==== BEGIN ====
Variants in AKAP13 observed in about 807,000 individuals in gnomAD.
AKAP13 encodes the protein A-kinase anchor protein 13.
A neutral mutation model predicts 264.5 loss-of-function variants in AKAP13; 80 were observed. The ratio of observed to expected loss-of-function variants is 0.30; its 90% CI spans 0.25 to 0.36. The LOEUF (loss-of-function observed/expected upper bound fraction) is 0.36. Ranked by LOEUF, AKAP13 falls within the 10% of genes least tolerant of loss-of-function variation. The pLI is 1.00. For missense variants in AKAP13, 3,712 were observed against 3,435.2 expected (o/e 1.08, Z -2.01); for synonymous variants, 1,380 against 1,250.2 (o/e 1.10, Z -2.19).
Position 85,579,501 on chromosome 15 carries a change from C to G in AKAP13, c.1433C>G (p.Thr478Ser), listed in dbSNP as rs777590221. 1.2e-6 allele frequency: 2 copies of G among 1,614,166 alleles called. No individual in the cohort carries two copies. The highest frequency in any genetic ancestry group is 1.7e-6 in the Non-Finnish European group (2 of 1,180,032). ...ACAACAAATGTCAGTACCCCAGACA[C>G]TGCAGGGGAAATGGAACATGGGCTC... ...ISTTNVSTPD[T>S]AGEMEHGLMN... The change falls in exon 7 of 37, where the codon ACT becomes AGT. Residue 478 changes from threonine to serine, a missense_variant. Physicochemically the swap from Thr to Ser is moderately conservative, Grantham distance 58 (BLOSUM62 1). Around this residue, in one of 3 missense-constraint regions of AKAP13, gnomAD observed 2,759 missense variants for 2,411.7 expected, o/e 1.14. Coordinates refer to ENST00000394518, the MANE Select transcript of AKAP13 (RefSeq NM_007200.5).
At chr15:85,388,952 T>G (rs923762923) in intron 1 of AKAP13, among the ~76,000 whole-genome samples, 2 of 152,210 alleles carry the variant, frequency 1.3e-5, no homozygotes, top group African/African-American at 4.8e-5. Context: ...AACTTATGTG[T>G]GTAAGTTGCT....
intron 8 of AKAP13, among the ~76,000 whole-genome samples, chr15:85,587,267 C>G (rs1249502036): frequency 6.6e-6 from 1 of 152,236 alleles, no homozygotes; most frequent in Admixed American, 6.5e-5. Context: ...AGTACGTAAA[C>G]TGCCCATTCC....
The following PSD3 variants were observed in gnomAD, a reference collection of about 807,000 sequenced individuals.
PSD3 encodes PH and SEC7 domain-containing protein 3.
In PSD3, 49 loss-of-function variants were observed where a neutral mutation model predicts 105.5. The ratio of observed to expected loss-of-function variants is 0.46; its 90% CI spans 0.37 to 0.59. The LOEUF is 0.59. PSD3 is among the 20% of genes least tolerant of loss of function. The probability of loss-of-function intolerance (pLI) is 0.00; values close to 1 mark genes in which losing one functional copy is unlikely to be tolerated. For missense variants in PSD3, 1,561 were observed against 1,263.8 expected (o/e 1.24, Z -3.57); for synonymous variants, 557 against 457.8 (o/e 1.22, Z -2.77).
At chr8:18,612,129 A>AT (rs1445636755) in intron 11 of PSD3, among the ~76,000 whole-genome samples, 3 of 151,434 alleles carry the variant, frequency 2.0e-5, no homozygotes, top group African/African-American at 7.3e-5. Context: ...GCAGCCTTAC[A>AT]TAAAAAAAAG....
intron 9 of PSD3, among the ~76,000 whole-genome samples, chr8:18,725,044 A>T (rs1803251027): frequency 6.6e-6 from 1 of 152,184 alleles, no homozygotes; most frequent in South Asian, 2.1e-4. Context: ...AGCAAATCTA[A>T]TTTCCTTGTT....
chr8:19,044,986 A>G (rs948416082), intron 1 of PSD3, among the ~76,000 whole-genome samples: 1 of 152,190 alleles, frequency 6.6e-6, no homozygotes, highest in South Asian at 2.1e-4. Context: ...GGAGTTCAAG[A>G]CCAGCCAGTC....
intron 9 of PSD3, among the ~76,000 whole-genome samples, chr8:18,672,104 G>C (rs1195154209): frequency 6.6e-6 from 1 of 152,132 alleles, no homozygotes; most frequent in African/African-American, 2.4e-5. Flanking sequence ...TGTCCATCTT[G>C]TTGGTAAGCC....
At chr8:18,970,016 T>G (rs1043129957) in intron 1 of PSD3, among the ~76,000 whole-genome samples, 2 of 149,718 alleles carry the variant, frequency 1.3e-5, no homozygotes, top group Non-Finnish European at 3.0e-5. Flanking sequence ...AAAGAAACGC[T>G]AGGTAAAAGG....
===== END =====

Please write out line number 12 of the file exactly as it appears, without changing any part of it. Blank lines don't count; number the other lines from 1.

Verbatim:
chr8:19,044,986 A>G (rs948416082), intron 1 of PSD3, among the ~76,000 whole-genome samples: 1 of 152,190 alleles, frequency 6.6e-6, no homozygotes, highest in South Asian at 2.1e-4. Context: ...GGAGTTCAAG[A>G]CCAGCCAGTC....